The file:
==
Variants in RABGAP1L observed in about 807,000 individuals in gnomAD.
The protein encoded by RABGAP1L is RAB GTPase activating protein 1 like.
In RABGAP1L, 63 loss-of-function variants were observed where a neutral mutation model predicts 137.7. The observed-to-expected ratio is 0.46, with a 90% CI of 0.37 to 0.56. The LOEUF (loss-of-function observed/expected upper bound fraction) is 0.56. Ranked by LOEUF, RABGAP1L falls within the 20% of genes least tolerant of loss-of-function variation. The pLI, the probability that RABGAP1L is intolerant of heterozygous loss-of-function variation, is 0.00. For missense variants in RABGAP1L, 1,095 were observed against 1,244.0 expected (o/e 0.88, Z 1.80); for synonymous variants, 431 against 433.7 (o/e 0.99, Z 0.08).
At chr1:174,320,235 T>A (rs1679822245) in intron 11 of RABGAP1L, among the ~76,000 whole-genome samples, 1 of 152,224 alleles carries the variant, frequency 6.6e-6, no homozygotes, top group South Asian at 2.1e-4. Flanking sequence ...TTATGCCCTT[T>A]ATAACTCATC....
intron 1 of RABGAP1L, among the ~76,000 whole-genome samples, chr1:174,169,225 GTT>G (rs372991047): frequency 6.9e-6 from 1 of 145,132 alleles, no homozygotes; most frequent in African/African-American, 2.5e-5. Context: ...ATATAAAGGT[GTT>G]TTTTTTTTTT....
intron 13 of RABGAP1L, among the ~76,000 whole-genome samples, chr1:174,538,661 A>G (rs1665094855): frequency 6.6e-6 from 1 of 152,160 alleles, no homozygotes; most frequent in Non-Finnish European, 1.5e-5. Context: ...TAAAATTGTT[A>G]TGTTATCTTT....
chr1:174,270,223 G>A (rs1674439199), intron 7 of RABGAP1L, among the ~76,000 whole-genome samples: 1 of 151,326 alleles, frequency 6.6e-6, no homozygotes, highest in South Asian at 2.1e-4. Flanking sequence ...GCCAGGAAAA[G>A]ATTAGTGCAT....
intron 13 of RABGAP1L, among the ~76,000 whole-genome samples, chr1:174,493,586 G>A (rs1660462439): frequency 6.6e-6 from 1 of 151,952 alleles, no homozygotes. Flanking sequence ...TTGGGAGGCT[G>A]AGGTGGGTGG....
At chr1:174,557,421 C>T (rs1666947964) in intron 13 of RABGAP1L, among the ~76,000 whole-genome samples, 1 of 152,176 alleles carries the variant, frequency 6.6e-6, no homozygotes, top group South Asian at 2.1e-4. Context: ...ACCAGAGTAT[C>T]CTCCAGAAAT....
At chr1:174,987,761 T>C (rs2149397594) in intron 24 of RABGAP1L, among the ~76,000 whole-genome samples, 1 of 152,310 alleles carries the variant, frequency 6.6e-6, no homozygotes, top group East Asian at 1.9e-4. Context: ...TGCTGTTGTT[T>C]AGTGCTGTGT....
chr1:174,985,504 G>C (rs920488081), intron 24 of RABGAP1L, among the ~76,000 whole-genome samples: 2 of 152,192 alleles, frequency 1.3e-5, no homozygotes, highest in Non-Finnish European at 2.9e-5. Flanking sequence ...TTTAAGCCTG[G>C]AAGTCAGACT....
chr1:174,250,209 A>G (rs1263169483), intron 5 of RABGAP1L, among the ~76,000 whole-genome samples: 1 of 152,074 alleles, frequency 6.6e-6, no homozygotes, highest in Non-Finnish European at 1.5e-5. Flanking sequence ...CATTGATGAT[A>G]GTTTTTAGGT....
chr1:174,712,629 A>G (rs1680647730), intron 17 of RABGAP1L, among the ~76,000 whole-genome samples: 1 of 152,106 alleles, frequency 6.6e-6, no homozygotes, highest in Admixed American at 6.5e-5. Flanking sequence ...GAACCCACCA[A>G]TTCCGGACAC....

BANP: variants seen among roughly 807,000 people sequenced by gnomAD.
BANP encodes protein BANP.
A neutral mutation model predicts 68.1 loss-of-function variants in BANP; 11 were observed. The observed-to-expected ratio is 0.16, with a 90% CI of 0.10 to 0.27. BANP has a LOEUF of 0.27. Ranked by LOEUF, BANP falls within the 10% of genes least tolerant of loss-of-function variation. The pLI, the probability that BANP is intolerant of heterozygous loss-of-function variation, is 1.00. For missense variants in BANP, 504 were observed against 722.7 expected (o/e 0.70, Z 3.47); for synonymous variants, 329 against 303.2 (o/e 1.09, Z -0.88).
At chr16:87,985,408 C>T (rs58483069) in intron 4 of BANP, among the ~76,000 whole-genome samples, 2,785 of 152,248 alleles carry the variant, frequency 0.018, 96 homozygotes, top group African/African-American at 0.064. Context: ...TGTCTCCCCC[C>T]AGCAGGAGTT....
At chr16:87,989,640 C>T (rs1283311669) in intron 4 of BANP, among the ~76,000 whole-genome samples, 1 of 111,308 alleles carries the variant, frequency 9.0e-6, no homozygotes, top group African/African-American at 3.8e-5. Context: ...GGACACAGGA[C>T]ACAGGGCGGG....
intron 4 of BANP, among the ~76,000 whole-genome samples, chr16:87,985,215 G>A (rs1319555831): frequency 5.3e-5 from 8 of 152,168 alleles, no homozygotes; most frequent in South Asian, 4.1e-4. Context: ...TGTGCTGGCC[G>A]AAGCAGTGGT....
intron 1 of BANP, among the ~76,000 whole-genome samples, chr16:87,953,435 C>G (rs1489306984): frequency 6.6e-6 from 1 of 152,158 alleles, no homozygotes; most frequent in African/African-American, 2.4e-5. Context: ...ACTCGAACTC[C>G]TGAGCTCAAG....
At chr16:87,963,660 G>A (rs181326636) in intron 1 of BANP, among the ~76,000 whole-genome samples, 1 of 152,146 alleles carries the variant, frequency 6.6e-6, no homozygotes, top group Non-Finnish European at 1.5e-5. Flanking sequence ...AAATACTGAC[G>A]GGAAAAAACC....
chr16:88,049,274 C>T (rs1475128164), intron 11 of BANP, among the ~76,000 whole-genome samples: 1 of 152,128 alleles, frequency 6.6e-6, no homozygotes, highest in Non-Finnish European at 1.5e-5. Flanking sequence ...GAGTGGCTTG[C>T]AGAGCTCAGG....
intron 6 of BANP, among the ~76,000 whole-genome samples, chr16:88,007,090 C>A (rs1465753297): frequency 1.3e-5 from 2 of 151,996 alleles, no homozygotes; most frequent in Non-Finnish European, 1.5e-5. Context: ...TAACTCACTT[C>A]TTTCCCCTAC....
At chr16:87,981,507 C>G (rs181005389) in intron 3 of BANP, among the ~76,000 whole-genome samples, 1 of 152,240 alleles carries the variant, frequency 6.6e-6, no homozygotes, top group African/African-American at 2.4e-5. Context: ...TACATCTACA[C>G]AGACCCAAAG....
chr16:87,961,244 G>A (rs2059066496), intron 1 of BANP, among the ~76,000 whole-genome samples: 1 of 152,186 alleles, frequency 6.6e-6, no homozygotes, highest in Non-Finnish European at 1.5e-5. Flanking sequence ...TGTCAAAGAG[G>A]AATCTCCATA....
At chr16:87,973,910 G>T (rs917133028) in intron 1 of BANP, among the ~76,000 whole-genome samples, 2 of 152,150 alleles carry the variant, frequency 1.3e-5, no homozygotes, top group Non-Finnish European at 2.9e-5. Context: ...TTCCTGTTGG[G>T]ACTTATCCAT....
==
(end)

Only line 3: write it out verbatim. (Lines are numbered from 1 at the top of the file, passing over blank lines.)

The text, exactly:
In RABGAP1L, 63 loss-of-function variants were observed where a neutral mutation model predicts 137.7. The observed-to-expected ratio is 0.46, with a 90% CI of 0.37 to 0.56. The LOEUF (loss-of-function observed/expected upper bound fraction) is 0.56. Ranked by LOEUF, RABGAP1L falls within the 20% of genes least tolerant of loss-of-function variation. The pLI, the probability that RABGAP1L is intolerant of heterozygous loss-of-function variation, is 0.00. For missense variants in RABGAP1L, 1,095 were observed against 1,244.0 expected (o/e 0.88, Z 1.80); for synonymous variants, 431 against 433.7 (o/e 0.99, Z 0.08).